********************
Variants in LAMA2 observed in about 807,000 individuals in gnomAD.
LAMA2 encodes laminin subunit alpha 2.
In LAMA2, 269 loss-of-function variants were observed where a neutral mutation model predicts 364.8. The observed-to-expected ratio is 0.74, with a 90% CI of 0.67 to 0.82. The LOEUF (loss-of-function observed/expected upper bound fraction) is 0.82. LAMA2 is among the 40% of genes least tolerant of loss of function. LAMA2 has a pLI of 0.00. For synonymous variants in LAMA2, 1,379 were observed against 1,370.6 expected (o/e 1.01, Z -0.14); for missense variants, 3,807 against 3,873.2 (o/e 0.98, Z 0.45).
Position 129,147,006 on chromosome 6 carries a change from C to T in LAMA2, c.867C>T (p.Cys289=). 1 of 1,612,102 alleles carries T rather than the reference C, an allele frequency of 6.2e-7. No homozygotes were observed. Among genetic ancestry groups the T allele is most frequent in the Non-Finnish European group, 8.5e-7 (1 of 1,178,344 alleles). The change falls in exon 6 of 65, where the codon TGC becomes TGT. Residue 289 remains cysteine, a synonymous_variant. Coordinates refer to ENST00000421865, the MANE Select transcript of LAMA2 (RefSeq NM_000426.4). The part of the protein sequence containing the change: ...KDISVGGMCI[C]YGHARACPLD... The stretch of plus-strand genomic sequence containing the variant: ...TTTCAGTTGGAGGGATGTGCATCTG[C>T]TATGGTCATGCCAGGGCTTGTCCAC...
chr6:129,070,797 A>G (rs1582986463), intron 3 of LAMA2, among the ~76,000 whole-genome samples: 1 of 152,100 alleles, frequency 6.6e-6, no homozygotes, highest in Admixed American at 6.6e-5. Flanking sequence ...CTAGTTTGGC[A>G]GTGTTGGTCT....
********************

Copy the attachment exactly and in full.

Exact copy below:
Variants in LAMA2 observed in about 807,000 individuals in gnomAD.
LAMA2 encodes laminin subunit alpha 2.
In LAMA2, 269 loss-of-function variants were observed where a neutral mutation model predicts 364.8. The observed-to-expected ratio is 0.74, with a 90% CI of 0.67 to 0.82. The LOEUF (loss-of-function observed/expected upper bound fraction) is 0.82. LAMA2 is among the 40% of genes least tolerant of loss of function. LAMA2 has a pLI of 0.00. For synonymous variants in LAMA2, 1,379 were observed against 1,370.6 expected (o/e 1.01, Z -0.14); for missense variants, 3,807 against 3,873.2 (o/e 0.98, Z 0.45).
Position 129,147,006 on chromosome 6 carries a change from C to T in LAMA2, c.867C>T (p.Cys289=). 1 of 1,612,102 alleles carries T rather than the reference C, an allele frequency of 6.2e-7. No homozygotes were observed. Among genetic ancestry groups the T allele is most frequent in the Non-Finnish European group, 8.5e-7 (1 of 1,178,344 alleles). The change falls in exon 6 of 65, where the codon TGC becomes TGT. Residue 289 remains cysteine, a synonymous_variant. Coordinates refer to ENST00000421865, the MANE Select transcript of LAMA2 (RefSeq NM_000426.4). The part of the protein sequence containing the change: ...KDISVGGMCI[C]YGHARACPLD... The stretch of plus-strand genomic sequence containing the variant: ...TTTCAGTTGGAGGGATGTGCATCTG[C>T]TATGGTCATGCCAGGGCTTGTCCAC...
chr6:129,070,797 A>G (rs1582986463), intron 3 of LAMA2, among the ~76,000 whole-genome samples: 1 of 152,100 alleles, frequency 6.6e-6, no homozygotes, highest in Admixed American at 6.6e-5. Flanking sequence ...CTAGTTTGGC[A>G]GTGTTGGTCT....